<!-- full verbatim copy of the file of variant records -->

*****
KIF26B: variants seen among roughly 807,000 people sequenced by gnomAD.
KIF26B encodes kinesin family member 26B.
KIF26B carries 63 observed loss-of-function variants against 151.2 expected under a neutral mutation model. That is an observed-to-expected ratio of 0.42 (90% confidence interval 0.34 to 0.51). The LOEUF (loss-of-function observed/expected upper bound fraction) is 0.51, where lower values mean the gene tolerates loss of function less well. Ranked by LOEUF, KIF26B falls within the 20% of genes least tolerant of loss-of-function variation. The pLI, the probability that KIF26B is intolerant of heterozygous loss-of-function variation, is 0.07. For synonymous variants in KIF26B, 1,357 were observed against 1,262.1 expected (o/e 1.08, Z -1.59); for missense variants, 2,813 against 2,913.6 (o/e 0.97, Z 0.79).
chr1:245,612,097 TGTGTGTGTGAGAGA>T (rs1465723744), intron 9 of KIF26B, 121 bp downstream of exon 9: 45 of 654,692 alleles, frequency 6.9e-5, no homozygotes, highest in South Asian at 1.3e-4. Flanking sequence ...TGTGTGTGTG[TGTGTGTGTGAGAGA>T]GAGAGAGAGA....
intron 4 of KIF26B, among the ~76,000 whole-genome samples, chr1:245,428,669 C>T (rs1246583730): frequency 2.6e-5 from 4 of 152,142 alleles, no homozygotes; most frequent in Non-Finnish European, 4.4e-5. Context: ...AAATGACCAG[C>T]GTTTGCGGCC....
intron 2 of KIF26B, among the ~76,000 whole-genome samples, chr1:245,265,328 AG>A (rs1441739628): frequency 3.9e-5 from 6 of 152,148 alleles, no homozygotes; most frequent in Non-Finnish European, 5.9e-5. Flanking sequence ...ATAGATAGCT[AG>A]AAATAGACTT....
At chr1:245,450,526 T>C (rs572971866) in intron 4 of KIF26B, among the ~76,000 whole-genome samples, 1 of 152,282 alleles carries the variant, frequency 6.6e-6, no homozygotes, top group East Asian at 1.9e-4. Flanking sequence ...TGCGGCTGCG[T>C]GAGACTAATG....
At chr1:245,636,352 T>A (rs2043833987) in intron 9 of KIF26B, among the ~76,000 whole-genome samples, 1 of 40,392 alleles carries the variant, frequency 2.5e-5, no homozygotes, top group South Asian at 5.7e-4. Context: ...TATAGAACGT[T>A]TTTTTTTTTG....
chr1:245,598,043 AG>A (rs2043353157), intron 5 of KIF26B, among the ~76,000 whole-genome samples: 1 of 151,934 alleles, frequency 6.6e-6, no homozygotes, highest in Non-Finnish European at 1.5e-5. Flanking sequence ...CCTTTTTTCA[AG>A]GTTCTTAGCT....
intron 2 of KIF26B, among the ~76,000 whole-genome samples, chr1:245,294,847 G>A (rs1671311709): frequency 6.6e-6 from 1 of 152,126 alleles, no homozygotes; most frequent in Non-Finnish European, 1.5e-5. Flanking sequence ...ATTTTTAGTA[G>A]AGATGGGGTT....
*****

KIF26B: variants seen among roughly 807,000 people sequenced by gnomAD.
KIF26B encodes kinesin family member 26B.
KIF26B carries 63 observed loss-of-function variants against 151.2 expected under a neutral mutation model. That is an observed-to-expected ratio of 0.42 (90% confidence interval 0.34 to 0.51). The LOEUF (loss-of-function observed/expected upper bound fraction) is 0.51, where lower values mean the gene tolerates loss of function less well. Ranked by LOEUF, KIF26B falls within the 20% of genes least tolerant of loss-of-function variation. The pLI, the probability that KIF26B is intolerant of heterozygous loss-of-function variation, is 0.07. For synonymous variants in KIF26B, 1,357 were observed against 1,262.1 expected (o/e 1.08, Z -1.59); for missense variants, 2,813 against 2,913.6 (o/e 0.97, Z 0.79).
chr1:245,612,097 TGTGTGTGTGAGAGA>T (rs1465723744), intron 9 of KIF26B, 121 bp downstream of exon 9: 45 of 654,692 alleles, frequency 6.9e-5, no homozygotes, highest in South Asian at 1.3e-4. Flanking sequence ...TGTGTGTGTG[TGTGTGTGTGAGAGA>T]GAGAGAGAGA....
intron 4 of KIF26B, among the ~76,000 whole-genome samples, chr1:245,428,669 C>T (rs1246583730): frequency 2.6e-5 from 4 of 152,142 alleles, no homozygotes; most frequent in Non-Finnish European, 4.4e-5. Context: ...AAATGACCAG[C>T]GTTTGCGGCC....
intron 2 of KIF26B, among the ~76,000 whole-genome samples, chr1:245,265,328 AG>A (rs1441739628): frequency 3.9e-5 from 6 of 152,148 alleles, no homozygotes; most frequent in Non-Finnish European, 5.9e-5. Flanking sequence ...ATAGATAGCT[AG>A]AAATAGACTT....
At chr1:245,450,526 T>C (rs572971866) in intron 4 of KIF26B, among the ~76,000 whole-genome samples, 1 of 152,282 alleles carries the variant, frequency 6.6e-6, no homozygotes, top group East Asian at 1.9e-4. Flanking sequence ...TGCGGCTGCG[T>C]GAGACTAATG....
At chr1:245,636,352 T>A (rs2043833987) in intron 9 of KIF26B, among the ~76,000 whole-genome samples, 1 of 40,392 alleles carries the variant, frequency 2.5e-5, no homozygotes, top group South Asian at 5.7e-4. Context: ...TATAGAACGT[T>A]TTTTTTTTTG....
chr1:245,598,043 AG>A (rs2043353157), intron 5 of KIF26B, among the ~76,000 whole-genome samples: 1 of 151,934 alleles, frequency 6.6e-6, no homozygotes, highest in Non-Finnish European at 1.5e-5. Flanking sequence ...CCTTTTTTCA[AG>A]GTTCTTAGCT....
intron 2 of KIF26B, among the ~76,000 whole-genome samples, chr1:245,294,847 G>A (rs1671311709): frequency 6.6e-6 from 1 of 152,126 alleles, no homozygotes; most frequent in Non-Finnish European, 1.5e-5. Flanking sequence ...ATTTTTAGTA[G>A]AGATGGGGTT....